This afternoon President Biden gave remarks at the White House, laying out the next phase of the US response to Russia’s recognition of the DPR and LPR. He called the recognition a clear violation of international law. After much confusion and hesitancy about how to label Russia’s actions in the last twenty-four hours, Biden declared them to be the start of an invasion and will be regarded in that manner. He repeated his oft used warning that Russia will face severe sanctions if its forces enter Ukrainian territory. The first wave of US sanctions has already been released and they mainly target a handful of Russian banks and financial institutions.
Biden also announced the movement of Europe-based US military forces into the Baltic States to bolster defenses in NATO’s easternmost member-states. An airborne infantry battalion from the 173rd Airborne Brigade based in Italy and AH-64 Apaches from Germany will deploy, as well as eight F-35A Lightning II fighters that are forward-deployed at Spangdahlem Airbase at the moment.
Volodymyr Zelenskiy has ordered a call up of Ukrainian reservists but stopped short of a full mobilization. A move that expansive would require a declaration of martial law according to Ukrainian law. Operative level 1 and 2 (OR1, OR2) reservists only will be affected. But do not be fooled, OR1 and OR2 reservists still number at 150,000 men and women.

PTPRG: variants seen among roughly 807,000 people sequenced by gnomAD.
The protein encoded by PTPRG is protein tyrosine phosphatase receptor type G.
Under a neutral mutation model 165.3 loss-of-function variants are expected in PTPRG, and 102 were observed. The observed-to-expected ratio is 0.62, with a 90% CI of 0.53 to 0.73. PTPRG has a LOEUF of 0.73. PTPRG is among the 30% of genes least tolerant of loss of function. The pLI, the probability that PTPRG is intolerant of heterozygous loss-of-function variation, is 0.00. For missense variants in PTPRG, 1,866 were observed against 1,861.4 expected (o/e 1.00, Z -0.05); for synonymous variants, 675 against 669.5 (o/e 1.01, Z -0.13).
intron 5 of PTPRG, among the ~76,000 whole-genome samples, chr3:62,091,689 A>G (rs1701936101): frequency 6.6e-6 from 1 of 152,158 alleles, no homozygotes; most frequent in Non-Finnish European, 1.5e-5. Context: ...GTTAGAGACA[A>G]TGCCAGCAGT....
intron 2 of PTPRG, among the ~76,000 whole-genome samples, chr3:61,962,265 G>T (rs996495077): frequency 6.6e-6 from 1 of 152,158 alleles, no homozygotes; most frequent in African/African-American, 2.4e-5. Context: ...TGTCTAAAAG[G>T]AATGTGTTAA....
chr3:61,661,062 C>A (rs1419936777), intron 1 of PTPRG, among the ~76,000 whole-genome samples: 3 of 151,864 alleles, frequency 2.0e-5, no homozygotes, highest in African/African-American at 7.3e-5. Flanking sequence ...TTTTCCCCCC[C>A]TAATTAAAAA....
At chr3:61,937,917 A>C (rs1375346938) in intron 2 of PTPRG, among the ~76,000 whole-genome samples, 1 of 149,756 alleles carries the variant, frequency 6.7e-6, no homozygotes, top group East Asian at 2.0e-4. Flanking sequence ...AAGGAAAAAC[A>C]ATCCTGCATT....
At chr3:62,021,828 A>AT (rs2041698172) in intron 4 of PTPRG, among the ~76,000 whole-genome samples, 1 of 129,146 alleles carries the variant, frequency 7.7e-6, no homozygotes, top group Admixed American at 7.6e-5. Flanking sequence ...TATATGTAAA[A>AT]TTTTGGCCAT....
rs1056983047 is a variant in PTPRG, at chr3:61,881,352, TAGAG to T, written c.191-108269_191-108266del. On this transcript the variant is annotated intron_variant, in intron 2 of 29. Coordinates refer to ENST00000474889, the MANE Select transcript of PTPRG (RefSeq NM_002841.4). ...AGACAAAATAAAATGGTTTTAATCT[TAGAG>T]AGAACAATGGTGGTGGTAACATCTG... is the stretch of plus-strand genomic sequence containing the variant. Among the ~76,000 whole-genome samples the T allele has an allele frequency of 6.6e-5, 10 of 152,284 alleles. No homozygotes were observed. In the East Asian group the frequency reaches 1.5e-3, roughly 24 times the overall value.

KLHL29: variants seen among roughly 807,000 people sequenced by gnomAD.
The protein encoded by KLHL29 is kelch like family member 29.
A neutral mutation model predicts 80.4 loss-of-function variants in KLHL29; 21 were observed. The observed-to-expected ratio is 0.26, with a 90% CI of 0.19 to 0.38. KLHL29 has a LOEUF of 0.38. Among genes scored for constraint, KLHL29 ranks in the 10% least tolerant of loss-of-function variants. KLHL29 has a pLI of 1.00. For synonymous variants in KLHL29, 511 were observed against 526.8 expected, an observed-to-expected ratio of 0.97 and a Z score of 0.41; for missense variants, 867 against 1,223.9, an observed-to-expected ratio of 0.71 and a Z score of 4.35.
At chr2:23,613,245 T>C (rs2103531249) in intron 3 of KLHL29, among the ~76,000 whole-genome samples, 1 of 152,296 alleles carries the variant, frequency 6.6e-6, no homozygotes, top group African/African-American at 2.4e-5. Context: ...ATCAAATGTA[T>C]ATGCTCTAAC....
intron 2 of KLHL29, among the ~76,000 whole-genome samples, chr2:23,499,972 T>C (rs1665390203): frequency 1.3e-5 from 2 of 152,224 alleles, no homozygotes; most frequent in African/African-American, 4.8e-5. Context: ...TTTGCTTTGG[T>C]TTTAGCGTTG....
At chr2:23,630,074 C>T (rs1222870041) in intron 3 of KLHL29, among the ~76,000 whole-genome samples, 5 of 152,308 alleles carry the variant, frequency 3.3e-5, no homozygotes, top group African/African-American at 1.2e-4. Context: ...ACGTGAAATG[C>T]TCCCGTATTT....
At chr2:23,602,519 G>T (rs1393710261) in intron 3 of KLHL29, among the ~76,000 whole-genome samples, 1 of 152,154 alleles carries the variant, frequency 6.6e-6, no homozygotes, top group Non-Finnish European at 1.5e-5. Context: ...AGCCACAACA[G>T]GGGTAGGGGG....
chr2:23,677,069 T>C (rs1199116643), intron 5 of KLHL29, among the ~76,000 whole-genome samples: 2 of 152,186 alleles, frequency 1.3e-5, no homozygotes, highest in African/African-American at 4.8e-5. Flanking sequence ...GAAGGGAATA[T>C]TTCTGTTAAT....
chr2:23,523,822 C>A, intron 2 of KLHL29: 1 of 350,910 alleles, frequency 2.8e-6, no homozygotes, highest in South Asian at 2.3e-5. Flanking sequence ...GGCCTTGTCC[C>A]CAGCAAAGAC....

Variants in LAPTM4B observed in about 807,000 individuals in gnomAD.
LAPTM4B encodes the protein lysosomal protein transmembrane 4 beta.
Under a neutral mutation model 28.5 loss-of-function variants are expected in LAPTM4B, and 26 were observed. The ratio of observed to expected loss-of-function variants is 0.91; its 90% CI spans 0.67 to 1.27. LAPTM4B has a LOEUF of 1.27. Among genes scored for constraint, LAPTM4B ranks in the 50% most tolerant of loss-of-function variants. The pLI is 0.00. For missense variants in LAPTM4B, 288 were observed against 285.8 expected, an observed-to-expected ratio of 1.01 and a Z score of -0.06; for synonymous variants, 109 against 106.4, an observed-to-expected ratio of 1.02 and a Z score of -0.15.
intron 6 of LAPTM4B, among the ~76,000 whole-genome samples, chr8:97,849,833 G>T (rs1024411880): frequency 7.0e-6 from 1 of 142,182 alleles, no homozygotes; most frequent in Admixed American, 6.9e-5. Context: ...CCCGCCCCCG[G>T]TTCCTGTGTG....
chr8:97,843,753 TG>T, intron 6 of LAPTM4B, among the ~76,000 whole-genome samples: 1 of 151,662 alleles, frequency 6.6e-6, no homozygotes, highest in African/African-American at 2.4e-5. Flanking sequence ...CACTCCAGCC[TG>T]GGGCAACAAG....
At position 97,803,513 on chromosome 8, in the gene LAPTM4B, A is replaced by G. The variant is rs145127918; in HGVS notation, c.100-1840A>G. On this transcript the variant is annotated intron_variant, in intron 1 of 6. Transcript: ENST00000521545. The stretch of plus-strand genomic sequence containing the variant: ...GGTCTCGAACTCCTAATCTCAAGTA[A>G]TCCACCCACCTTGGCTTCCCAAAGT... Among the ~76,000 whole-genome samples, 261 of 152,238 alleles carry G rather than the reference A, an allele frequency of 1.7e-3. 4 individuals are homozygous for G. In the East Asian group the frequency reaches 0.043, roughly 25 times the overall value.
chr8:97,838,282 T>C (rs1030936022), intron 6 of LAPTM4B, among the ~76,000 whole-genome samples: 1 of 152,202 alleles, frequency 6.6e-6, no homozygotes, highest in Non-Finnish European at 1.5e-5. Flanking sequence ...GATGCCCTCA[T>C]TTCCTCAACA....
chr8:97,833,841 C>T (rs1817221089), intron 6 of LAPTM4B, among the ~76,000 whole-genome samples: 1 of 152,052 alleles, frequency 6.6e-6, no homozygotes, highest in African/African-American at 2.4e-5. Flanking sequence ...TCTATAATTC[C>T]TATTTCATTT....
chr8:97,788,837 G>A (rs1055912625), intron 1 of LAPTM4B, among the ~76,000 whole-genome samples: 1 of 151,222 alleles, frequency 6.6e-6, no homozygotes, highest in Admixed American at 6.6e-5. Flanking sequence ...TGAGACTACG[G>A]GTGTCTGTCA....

The planned talks between US Secretary of State Antony Blinken and Russian Foreign Minister Sergei Lavrov have been cancelled. The two senior diplomats were set to meet on Thursday, but the meeting was contingent upon Russia choosing to find a diplomatic solution to the crisis rather than an invasion.
Note: I’m going to try and spend some time tonight away from Ukraine and recharge my batteries. So, unless something major develops, this will be the last update for the day. Next one will be up tomorrow morning. –Mike